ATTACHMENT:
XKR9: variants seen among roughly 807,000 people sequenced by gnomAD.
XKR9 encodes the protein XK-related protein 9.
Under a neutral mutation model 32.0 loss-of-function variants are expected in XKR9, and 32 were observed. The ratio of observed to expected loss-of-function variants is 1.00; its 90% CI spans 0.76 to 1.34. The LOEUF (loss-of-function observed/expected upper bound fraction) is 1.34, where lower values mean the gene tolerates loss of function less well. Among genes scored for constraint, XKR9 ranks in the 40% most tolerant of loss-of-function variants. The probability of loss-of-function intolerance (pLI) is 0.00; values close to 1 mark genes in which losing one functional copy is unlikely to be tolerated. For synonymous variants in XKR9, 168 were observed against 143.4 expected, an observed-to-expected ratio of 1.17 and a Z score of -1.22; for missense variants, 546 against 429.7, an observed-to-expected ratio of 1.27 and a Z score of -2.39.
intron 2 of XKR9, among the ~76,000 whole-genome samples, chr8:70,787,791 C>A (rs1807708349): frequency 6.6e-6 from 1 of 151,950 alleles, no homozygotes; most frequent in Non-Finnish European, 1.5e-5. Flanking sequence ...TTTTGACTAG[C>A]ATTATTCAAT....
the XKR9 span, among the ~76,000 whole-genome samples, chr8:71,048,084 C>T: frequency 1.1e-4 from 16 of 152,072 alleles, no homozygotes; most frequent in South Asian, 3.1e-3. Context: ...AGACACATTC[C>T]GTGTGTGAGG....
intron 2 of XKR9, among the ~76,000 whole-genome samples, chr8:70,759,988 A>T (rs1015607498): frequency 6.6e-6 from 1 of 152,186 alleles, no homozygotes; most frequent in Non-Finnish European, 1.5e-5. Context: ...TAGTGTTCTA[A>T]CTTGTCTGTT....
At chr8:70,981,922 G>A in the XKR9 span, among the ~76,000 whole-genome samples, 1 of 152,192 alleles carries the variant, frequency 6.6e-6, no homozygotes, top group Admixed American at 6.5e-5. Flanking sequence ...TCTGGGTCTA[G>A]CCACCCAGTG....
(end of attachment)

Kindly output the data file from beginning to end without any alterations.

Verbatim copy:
XKR9: variants seen among roughly 807,000 people sequenced by gnomAD.
XKR9 encodes the protein XK-related protein 9.
Under a neutral mutation model 32.0 loss-of-function variants are expected in XKR9, and 32 were observed. The ratio of observed to expected loss-of-function variants is 1.00; its 90% CI spans 0.76 to 1.34. The LOEUF (loss-of-function observed/expected upper bound fraction) is 1.34, where lower values mean the gene tolerates loss of function less well. Among genes scored for constraint, XKR9 ranks in the 40% most tolerant of loss-of-function variants. The probability of loss-of-function intolerance (pLI) is 0.00; values close to 1 mark genes in which losing one functional copy is unlikely to be tolerated. For synonymous variants in XKR9, 168 were observed against 143.4 expected, an observed-to-expected ratio of 1.17 and a Z score of -1.22; for missense variants, 546 against 429.7, an observed-to-expected ratio of 1.27 and a Z score of -2.39.
intron 2 of XKR9, among the ~76,000 whole-genome samples, chr8:70,787,791 C>A (rs1807708349): frequency 6.6e-6 from 1 of 151,950 alleles, no homozygotes; most frequent in Non-Finnish European, 1.5e-5. Flanking sequence ...TTTTGACTAG[C>A]ATTATTCAAT....
the XKR9 span, among the ~76,000 whole-genome samples, chr8:71,048,084 C>T: frequency 1.1e-4 from 16 of 152,072 alleles, no homozygotes; most frequent in South Asian, 3.1e-3. Context: ...AGACACATTC[C>T]GTGTGTGAGG....
intron 2 of XKR9, among the ~76,000 whole-genome samples, chr8:70,759,988 A>T (rs1015607498): frequency 6.6e-6 from 1 of 152,186 alleles, no homozygotes; most frequent in Non-Finnish European, 1.5e-5. Context: ...TAGTGTTCTA[A>T]CTTGTCTGTT....
At chr8:70,981,922 G>A in the XKR9 span, among the ~76,000 whole-genome samples, 1 of 152,192 alleles carries the variant, frequency 6.6e-6, no homozygotes, top group Admixed American at 6.5e-5. Flanking sequence ...TCTGGGTCTA[G>A]CCACCCAGTG....